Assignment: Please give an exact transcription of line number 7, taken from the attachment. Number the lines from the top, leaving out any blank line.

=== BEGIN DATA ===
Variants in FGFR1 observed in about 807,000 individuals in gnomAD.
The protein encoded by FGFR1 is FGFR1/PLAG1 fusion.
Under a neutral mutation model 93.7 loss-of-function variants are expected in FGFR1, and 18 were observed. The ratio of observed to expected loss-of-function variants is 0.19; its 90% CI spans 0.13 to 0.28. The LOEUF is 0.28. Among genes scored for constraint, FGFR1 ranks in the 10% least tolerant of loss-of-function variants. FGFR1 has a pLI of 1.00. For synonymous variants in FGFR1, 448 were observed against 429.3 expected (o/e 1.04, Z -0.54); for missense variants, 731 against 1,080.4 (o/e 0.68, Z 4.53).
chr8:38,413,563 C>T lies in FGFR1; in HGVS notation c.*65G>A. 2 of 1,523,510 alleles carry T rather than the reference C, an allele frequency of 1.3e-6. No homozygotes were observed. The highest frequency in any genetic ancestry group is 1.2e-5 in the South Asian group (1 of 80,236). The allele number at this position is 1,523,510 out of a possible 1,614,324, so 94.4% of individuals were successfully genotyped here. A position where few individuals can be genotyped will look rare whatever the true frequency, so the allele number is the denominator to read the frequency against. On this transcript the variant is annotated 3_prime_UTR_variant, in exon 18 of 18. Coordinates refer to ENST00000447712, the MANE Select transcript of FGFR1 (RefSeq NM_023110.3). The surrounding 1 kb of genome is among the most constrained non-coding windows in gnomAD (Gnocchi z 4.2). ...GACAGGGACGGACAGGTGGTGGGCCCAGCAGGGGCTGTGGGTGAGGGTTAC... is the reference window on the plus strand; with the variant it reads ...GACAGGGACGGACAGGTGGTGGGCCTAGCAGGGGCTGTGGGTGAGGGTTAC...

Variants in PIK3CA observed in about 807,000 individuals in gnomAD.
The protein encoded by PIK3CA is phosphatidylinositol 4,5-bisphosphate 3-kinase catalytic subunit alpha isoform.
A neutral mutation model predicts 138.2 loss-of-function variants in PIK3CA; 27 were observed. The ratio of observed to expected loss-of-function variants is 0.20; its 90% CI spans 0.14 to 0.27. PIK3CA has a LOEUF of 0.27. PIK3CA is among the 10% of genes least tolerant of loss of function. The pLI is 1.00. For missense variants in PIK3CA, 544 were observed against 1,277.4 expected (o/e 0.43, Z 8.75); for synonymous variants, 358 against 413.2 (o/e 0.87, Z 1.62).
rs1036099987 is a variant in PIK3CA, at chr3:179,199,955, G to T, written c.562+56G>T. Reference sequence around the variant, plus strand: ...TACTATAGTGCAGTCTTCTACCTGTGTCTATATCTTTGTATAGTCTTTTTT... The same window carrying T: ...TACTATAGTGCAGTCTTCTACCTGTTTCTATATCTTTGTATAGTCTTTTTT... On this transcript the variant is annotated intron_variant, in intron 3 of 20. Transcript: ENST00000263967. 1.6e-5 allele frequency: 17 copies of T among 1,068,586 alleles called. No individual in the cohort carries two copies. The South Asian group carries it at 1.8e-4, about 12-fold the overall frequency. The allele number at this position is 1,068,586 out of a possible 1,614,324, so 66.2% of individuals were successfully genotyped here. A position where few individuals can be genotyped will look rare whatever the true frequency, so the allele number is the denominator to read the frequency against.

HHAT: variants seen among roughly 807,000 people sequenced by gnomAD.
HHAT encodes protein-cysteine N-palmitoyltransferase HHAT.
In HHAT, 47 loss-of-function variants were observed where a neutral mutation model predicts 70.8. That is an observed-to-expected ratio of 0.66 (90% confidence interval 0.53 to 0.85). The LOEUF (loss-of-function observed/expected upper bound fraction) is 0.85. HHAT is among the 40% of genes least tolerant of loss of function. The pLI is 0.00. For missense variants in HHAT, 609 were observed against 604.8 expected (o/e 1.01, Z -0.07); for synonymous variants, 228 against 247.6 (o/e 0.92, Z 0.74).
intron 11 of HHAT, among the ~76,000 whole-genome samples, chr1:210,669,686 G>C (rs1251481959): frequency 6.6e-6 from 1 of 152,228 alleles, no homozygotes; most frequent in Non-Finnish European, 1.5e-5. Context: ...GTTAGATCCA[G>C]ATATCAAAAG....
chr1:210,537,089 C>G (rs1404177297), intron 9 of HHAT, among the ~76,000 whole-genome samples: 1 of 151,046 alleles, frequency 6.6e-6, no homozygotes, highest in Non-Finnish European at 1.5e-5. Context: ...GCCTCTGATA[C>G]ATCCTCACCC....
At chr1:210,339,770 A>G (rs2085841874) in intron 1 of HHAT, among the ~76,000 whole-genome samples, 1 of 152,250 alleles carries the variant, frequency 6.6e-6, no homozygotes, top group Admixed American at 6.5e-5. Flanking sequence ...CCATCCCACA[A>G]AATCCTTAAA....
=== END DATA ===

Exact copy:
A neutral mutation model predicts 138.2 loss-of-function variants in PIK3CA; 27 were observed. The ratio of observed to expected loss-of-function variants is 0.20; its 90% CI spans 0.14 to 0.27. PIK3CA has a LOEUF of 0.27. PIK3CA is among the 10% of genes least tolerant of loss of function. The pLI is 1.00. For missense variants in PIK3CA, 544 were observed against 1,277.4 expected (o/e 0.43, Z 8.75); for synonymous variants, 358 against 413.2 (o/e 0.87, Z 1.62).